A week later, the HFEA announced by unexpected email that they would not appeal.  I was literally shaking as I read the brief email and, in that moment, I felt so many emotions - joy, relief, elation, shock.  It is unclear whether the HFEA finally found compassion for my situation or whether they realised that they could not overturn the Human Rights Act in The Court of Appeal.  It is however disappointing to me that their press statement blamed the situation on the ‘clinic’s failings’.  It is important to me that it is known that CARE Northampton used all the existing HFEA paperwork and took consent for storage in a way that the HFEA allowed. Furthermore they have been very supportive on a legal and an emotional basis and I am grateful to them.

It is undisputable that the use of gametes (eggs and sperm), and in particular posthumous conception, must be governed strictly by a national organisation.  However, I hope that the HFEA take this opportunity to review the paperwork they provide to clinics, how they govern the clinics, their legislation and how they approach any future cases. It feels amazing to have set a legal precedent which will help future UK widows/widowers and it is a battle that I am proud to have won.  The whole situation has shown me how strong I am and how much I can achieve.

And now, I can move forward with my life - something that my brother and husband cannot do - which reminds me that I am the lucky one.  I fully understand that posthumous conception is not an easy decision and I need time to decide whether this is the right choice for me and for any potential children.  I don’t know what the future holds but Warren wanted to give me this choice and I need to keep it.  I will not close myself off from the possibility of meeting someone in the future even though I know this could affect whether I have Warren’s children. I also know that I may never meet someone and still not opt to have Warren’s children or may unsuccessfully undergo IVF.  In a perfect world, Warren and I would bring up our children together but life is not perfect.  I do know, however, that I have the love and strength to bring up children on my own and that they would know their father through me, our friends and our family.  In my heart, I hope I do have Warren’s children - it is a huge part of the life we planned. I am still grieving for him, and the future together we have lost. But now, it is time to start living again.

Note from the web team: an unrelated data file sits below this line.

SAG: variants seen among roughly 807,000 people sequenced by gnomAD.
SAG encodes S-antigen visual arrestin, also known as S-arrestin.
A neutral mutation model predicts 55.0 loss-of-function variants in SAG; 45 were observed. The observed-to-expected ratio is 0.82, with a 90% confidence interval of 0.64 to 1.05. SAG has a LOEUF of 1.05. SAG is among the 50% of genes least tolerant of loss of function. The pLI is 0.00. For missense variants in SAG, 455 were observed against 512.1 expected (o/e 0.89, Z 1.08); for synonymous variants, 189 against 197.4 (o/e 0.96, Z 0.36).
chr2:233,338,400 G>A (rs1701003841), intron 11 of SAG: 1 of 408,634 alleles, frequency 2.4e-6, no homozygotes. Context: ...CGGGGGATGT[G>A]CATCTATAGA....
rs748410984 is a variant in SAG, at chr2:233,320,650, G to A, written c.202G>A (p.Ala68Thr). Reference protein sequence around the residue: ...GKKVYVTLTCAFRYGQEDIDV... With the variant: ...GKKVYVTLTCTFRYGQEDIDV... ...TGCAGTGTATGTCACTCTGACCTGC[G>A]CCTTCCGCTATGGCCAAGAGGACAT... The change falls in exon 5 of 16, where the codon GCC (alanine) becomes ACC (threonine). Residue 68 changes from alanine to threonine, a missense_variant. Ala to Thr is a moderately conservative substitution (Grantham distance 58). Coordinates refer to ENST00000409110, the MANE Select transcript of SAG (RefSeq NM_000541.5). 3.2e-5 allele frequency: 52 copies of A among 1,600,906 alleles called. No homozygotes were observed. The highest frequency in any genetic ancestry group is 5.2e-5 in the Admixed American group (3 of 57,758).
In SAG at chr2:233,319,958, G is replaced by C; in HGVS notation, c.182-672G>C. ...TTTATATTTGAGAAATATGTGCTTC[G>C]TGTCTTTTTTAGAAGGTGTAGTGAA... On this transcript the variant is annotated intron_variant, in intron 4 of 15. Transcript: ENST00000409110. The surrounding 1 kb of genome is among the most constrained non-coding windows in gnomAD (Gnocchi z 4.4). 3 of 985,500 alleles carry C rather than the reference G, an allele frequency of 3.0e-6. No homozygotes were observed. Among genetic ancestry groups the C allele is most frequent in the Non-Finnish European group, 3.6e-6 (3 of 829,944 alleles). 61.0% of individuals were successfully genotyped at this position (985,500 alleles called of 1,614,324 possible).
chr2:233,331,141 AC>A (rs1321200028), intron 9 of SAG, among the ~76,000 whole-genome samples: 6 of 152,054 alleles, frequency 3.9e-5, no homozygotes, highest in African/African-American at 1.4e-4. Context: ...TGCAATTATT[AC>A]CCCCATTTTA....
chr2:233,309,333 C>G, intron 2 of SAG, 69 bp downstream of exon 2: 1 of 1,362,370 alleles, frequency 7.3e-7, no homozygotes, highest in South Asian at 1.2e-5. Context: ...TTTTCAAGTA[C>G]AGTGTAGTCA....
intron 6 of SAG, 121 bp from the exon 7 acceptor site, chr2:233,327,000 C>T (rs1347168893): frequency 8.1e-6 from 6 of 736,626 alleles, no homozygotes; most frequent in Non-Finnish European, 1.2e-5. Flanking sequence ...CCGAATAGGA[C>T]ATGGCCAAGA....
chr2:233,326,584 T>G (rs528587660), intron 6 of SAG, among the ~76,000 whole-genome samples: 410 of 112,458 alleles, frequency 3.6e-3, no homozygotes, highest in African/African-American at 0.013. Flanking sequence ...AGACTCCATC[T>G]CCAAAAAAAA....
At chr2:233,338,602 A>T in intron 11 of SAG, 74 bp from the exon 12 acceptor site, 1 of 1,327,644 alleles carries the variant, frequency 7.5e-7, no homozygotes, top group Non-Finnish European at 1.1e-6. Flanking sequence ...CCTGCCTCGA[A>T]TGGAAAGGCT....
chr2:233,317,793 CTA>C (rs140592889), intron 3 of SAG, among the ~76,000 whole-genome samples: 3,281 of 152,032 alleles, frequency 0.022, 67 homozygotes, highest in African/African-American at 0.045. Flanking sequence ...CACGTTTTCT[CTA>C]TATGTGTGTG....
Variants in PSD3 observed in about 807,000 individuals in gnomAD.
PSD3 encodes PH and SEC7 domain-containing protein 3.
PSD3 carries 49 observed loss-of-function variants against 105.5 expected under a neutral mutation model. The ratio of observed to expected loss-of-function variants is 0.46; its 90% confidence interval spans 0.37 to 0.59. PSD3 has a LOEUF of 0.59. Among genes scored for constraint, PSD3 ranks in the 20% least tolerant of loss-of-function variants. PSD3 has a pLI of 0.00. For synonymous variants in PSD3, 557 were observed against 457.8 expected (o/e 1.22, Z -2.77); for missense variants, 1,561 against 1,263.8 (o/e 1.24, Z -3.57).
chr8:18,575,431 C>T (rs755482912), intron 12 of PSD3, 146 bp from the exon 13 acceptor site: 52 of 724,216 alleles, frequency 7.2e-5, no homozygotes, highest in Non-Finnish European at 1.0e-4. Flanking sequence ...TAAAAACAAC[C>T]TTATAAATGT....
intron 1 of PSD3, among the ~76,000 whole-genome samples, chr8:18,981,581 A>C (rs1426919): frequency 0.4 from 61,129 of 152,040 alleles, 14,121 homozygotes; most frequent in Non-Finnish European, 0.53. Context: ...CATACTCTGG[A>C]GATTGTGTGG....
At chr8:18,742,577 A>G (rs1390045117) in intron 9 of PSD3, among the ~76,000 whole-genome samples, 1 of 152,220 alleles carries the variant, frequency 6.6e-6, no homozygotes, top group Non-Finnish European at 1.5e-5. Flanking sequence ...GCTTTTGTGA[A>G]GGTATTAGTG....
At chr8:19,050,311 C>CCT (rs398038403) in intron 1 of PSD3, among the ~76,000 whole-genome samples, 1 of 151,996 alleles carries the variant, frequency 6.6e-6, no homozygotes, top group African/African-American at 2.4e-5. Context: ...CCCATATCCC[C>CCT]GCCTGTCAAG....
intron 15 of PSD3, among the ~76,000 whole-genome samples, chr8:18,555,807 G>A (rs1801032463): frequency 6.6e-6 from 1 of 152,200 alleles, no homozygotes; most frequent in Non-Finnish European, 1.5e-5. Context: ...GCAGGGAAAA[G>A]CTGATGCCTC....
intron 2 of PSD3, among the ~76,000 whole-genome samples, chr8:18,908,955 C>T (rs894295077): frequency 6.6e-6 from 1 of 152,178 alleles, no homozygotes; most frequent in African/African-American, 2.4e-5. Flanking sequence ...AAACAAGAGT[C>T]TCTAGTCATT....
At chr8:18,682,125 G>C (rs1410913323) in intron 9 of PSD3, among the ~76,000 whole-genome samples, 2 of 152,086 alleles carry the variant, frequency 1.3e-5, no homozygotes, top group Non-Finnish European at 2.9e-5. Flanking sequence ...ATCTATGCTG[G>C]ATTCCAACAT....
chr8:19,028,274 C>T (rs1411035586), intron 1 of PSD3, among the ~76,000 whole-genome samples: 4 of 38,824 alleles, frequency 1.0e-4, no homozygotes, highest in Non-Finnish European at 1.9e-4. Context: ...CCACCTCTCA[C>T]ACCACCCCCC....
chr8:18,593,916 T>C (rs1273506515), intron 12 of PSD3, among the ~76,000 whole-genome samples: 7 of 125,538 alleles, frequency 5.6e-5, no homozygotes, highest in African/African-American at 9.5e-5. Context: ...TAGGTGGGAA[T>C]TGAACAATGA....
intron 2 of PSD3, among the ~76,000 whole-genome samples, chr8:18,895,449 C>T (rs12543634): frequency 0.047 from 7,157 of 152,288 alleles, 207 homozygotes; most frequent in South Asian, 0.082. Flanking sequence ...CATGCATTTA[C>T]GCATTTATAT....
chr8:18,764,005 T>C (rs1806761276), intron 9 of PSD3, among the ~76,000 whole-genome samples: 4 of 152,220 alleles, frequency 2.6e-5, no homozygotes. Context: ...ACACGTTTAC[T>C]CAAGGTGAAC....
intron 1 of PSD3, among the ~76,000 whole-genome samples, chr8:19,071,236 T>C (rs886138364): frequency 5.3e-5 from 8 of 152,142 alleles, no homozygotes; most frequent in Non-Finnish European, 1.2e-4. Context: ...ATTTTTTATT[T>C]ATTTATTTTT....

A final thank you to everyone who has supported me - most of all, to my legal team: James, Jenni, Catherine and Rose.  Without you, my legal battle would have been impossible.

 

After the judgment

I’m feeling heartbroken after the HFEA have applied and been granted the permission to appeal my High Court ruling. I can liken it to winning the lottery; your mind runs wild thinking about how your life will change but then you are told that someone is going to fight you for your lottery ticket. Or like being told there is a complete cure for your cancer and then being told that this may not be the case. The HFEA have until Monday 17th March at 10.30am to file their appeal application. Thank you to my barrister Catherine for your successful urge that this time be abridged from the 21days the HFEA sought to ten days. I hope with all my heart that the HFEA decide not to appeal.